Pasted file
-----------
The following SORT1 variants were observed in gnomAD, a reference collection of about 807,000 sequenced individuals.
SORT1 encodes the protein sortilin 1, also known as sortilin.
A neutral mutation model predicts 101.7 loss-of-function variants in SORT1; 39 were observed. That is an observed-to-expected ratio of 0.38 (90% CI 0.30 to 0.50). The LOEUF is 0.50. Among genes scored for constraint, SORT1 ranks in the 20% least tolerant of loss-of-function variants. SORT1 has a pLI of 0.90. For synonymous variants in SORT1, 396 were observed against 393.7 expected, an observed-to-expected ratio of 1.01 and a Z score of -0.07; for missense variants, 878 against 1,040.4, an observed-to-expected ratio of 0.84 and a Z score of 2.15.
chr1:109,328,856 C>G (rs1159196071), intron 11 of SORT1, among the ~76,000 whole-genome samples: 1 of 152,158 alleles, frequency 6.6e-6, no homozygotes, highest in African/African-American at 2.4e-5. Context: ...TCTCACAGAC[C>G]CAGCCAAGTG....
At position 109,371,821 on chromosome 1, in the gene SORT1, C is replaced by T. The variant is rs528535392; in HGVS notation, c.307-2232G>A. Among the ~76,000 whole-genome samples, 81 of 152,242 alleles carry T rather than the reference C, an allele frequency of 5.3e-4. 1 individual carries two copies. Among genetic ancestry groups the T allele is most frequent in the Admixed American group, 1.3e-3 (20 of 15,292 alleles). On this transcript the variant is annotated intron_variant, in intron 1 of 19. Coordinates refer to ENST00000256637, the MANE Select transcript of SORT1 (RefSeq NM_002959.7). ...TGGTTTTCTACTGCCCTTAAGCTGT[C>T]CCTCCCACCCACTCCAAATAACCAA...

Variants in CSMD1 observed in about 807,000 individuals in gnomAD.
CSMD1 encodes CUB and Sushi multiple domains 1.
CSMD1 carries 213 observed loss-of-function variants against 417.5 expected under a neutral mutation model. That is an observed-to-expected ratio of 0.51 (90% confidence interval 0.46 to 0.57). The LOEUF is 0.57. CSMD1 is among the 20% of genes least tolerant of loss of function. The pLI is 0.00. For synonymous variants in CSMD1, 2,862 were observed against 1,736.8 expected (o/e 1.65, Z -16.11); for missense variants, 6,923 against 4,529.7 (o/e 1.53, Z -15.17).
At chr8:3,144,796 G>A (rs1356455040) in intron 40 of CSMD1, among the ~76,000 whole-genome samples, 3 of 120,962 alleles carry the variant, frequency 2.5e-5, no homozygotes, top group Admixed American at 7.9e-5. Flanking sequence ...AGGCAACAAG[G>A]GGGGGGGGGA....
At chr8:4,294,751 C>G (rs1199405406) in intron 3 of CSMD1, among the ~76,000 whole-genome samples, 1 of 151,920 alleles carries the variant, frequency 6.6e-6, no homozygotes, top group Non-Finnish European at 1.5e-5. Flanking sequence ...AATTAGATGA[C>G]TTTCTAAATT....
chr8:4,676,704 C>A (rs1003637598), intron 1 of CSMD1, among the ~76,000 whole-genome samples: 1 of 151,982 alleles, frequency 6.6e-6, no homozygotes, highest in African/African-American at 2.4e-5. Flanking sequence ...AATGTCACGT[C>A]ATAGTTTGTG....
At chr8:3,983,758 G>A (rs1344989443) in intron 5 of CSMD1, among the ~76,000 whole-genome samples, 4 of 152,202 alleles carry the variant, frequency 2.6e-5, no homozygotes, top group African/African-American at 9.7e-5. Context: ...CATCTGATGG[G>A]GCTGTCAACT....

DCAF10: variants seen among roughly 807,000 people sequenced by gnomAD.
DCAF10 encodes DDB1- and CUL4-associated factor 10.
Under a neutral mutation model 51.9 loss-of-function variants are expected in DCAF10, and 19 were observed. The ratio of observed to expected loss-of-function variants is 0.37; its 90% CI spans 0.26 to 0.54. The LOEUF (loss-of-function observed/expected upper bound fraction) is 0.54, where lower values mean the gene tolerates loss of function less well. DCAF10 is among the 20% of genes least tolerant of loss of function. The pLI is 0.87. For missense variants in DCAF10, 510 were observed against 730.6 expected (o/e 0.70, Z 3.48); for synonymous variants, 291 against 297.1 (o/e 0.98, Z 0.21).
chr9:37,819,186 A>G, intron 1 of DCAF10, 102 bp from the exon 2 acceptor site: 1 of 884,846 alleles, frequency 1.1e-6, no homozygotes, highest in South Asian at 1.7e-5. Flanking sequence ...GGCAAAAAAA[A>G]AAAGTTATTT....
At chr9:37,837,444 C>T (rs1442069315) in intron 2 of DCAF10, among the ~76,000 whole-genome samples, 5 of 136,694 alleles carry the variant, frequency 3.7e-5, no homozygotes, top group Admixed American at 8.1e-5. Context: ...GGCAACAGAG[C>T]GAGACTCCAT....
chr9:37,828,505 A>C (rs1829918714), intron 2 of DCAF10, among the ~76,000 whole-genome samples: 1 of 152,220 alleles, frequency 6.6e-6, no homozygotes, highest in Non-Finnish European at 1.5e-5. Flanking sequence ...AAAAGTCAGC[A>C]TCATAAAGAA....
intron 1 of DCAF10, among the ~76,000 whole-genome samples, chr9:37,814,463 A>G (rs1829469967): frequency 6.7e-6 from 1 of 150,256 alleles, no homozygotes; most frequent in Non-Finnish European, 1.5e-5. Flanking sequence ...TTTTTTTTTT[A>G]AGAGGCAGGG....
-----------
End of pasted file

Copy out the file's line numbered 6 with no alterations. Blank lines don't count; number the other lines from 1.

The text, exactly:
Variants in CSMD1 observed in about 807,000 individuals in gnomAD.